Today at Thai brunch, someone was asking me how I became a freelance writer. The better question, for me, is not how one becomes a freelance writer, but how one continues to be one. Most established authors have guides on their websites for aspiring writers, and I have certainly picked through them for my share of advice. I think everyone interested in a career in writing should do the same. I think, in the end, that being a freelance writer requires certain traits of the aspiring author, and it certainly isn’t a job for everyone. And be aware that freelance writing is different than being a novelist or book author. If that’s what you want to do, some of the suggestions below may help you, but not entirely. Be aware that there are a lot of factors in becoming and staying a successful author…and not all of them are in your control.
1. Have connections.
I wouldn’t be doing what I am doing without connections. Knowing people who write already has helped me find jobs, and set up a network of support for me. We throw jobs at each other when we can’t take them, aren’t interested, or cannot finish alone. I think it’s also important that we are not competitive with each other—we freely exchange information and tips to help each other succeed and get a leg up in the world. If you don’t know people who are writing, seek them out.
2. Have perseverance.
It takes a lot of work to be a freelance writer. You need to be highly dedicated and self motivated, because no one is going to goad you into working. Set clear goals for yourself to achieve, and make sure that you reach them. Be prepared to get rejected a lot, but to keep applying for jobs anyway. You need to actively seek out work to advance. Scour advertisements. Query magazines. Be persistent, and be self directed.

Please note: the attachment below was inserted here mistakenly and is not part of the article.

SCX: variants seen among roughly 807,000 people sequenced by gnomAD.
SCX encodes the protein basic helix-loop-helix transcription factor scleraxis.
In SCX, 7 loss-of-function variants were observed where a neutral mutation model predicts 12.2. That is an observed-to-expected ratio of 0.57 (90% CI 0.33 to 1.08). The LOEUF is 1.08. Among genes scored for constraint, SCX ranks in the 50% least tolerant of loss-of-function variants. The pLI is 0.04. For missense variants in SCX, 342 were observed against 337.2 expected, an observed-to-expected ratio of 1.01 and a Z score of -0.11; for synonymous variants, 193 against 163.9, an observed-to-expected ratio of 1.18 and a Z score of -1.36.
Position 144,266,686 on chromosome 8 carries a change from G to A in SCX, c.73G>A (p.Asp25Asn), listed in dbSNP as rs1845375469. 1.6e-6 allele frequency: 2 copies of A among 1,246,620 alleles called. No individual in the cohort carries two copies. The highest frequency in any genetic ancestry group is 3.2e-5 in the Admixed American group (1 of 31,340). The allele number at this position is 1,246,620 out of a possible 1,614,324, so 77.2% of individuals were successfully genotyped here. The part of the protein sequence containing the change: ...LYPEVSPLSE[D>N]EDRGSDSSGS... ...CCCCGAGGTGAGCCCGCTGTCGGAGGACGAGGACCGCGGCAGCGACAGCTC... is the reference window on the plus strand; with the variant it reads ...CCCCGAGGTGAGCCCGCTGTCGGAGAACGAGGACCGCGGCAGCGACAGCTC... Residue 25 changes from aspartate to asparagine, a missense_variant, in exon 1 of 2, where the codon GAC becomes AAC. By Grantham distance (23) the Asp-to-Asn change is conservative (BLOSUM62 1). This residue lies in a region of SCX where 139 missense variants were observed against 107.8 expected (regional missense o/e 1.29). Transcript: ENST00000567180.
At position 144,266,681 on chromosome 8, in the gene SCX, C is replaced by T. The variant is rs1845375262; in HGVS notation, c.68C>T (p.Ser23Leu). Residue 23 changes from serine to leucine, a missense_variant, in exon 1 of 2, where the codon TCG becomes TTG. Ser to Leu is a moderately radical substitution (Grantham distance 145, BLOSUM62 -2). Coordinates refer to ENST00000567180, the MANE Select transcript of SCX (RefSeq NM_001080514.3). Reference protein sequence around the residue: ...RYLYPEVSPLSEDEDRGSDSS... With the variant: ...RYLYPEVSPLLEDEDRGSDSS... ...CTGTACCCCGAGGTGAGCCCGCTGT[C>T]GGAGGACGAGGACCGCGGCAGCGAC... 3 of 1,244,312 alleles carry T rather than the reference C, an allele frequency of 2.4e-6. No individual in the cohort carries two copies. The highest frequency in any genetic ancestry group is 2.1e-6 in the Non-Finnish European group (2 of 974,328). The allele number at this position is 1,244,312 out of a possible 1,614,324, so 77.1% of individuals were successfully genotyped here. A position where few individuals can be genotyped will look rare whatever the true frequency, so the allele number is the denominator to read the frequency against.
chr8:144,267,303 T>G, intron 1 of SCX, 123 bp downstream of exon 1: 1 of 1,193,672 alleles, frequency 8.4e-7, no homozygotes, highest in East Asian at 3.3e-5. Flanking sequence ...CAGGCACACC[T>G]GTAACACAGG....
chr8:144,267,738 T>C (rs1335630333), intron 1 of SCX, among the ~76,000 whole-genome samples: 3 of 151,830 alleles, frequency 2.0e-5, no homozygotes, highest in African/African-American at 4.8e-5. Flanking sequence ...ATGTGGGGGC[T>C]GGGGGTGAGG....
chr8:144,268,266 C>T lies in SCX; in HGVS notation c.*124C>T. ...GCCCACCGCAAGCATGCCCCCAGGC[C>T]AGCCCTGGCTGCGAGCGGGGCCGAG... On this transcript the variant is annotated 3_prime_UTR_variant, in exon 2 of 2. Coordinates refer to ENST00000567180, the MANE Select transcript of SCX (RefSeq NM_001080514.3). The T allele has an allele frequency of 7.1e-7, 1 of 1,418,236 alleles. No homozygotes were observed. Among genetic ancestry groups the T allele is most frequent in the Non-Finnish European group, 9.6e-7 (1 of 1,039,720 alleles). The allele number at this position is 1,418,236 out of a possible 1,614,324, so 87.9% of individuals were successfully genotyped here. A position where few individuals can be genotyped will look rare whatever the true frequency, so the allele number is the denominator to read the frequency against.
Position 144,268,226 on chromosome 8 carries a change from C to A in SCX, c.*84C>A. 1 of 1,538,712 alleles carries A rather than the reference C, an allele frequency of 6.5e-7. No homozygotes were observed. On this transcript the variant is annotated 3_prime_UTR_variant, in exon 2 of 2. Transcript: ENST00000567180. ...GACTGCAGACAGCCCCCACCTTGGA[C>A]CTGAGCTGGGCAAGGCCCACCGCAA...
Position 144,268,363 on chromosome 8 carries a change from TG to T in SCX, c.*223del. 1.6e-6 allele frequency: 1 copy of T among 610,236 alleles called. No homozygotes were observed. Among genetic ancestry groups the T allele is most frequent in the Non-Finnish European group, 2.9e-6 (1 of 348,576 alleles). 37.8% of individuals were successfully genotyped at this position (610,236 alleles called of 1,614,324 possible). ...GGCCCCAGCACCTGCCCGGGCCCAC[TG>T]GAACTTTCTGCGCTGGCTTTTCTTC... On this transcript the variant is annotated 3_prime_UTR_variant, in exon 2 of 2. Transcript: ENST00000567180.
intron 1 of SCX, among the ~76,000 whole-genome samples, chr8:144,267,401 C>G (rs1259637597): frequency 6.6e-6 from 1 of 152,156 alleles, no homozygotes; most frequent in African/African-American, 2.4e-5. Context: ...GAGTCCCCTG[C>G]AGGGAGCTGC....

3. Set up a workspace.
I, alas, am working in my bedroom right now, which is less than ideal for a lot of reasons. It is very important to have a space which is clearly established for work, and to keep it organized and together. Set up a designated region in your home as an office, and try to set office hours for yourself. Yes, you do have a flexible schedule as a freelance writer. But not…too flexible.
4. Set and keep a budget.
Determine how much money you need to survive every month, and try to earn more than that. Put aside money for rainy days. Think about how you spend money, because especially in the beginning, life will be hard. I am successfully managing my student loan debt right now, because I am budgeting…but I am also not really getting that far ahead. If other people rely on your income to survive, like children, this is a choice you should consider very, very carefully. You may want to transition gently, rather than quitting a conventional job one day and writing the next.
5. Do things for free.
I maintain a website, for example, which exposes people to my work. I’ve also written op-eds, appeared in alumni reviews, and generally put myself out there. Get pieces of writing with your name on them into print, whether or not you get paid for them. Try to set a goal, like getting two things into print every month, and make sure to set aside time from your paying work to do this. It’s called exposure, and it’s how you will get better jobs.
6. Be prepared to write about some boring things.
In the beginning, you probably will not be able to write about things that actually interest you. Make sure that you have the patience to slog through rote work to pay your bills. Try to view these things as opportunities to develop an extensive and flexible portfolio, rather than chores.
7. Keep a portfolio.
Make sure to keep copies of your work, especially when it is published, in a safe and central, well organized location. Keep a special folder for pieces you think are particularly strong, and writing which showcases marketable traits.
8. Write every day.
Every. Day. Make sure to write for yourself, too, not just employers. Develop a novel. Blather on a website. It doesn’t even matter what you write, so much as that you do write. It will improve your writing. Heck, look back at the entries on this website from a year ago and see how much my writing has improved. Repeated practice will only make you a stronger and more productive writer.
It’s not an easy job, by any stretch of the imagination, but I love it. I thrive on the uncertainty of not knowing what I am going to do on any given day, or who I am going to be working for. I am also constantly learning new things, expanding and growing as a writer, and having a great deal of fun in the process.